La Nueva España writes, The dark side of the Tour is destroying the passion aroused by this major event. Fewer and fewer people remain glued to their TV after lunch to watch every stage, and the idea that “they are all doped” is becoming more and more widespread.
The insidious drip-drip of doping and the out-of-proportion police raids on the riders have transformed French cycling into a vehicle of disillusion.
The current Tour does not attract new fans, but arouses negative feelings of all kinds. Even towards professionals, whose experience and maturity has been built riding the tough Alpe d’Huez and the beautiful Champs-Elysées.
Nostalgia for better times is a feeling that has also touched the Gijón rider Chechu Rubiera. A classical Tour rider, but from another era. “With all the turmoil I don’t miss not being in France”, he stated, with sadness.
Just back from the Tour of Qinghai Lake (China), the Asturian rider sees a race in its death throes, although he had already seen the first symptoms when he was a participant.
“In recent years, the riders have been treated with little respect. Calling the police to seal off a hotel is not normal”.
Doping has aroused suspicion in everything that is linked with racing. Innocent or guilty, “suspicion is a synonym for guilt” complains Rubiera.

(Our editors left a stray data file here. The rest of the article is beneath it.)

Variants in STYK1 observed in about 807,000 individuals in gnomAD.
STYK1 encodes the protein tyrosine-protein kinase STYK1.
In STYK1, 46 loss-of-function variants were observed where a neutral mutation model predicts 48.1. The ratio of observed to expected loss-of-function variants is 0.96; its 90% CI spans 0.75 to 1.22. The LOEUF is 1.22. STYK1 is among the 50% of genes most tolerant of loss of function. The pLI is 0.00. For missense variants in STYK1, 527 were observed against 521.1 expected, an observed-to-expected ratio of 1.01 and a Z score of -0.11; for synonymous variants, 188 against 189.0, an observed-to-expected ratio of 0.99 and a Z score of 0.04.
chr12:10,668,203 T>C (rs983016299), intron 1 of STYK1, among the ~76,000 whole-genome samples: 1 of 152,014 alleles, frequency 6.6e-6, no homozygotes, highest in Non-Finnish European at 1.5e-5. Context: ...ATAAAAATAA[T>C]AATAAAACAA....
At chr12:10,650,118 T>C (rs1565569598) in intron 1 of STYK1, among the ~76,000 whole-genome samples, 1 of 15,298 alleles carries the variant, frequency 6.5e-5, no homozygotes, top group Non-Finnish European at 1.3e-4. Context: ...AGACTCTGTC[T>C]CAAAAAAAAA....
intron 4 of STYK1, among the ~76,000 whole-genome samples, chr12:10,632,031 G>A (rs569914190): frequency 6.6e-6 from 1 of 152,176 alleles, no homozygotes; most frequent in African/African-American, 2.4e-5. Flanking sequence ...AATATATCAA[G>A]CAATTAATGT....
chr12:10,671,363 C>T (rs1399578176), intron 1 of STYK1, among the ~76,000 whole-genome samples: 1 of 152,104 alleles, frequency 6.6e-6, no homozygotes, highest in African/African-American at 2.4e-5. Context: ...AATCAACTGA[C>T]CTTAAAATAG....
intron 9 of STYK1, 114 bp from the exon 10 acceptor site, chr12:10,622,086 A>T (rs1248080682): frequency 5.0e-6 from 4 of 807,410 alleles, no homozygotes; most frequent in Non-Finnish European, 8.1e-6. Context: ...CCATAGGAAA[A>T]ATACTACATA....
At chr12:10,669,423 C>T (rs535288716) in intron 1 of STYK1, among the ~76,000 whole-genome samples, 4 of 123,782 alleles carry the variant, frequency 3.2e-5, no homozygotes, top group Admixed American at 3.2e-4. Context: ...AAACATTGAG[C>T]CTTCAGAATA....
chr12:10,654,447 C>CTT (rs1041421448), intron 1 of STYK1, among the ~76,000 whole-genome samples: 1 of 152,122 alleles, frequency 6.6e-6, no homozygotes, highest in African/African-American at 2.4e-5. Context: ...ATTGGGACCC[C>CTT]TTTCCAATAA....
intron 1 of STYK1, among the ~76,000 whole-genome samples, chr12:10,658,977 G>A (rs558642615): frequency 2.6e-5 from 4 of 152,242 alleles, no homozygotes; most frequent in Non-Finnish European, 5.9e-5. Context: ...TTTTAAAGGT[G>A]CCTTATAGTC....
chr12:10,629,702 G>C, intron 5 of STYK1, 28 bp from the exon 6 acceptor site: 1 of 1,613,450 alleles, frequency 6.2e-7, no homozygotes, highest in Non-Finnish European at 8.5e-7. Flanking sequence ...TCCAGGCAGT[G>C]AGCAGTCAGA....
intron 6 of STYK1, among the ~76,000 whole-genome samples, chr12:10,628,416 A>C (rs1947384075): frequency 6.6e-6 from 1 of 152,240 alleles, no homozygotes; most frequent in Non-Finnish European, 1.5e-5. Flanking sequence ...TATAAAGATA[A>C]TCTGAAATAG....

The situation has escalated out of control and the 104-year-old race is on the edge of the abyss.
“I'm in the front line of those fighting for a clean sport, but we are athletes, not criminals”. The raid on the Astana bus underlines the words of Armstrong's ever best team-mate.
It is a criminalised sport. The only one, although there are many cases in other sports. Doping must disappear, but only in cycling? Comparisons are inappropriate but in such an extreme case they are necessary.
“The other day I read the IOC was considering leaving out cycling from the Olympic Games. It makes sense, especially taking into account that the NBA imposes as a condition for their selection that they should not take the routine tests (ed. Chechu's being ironic). We are no criminals.”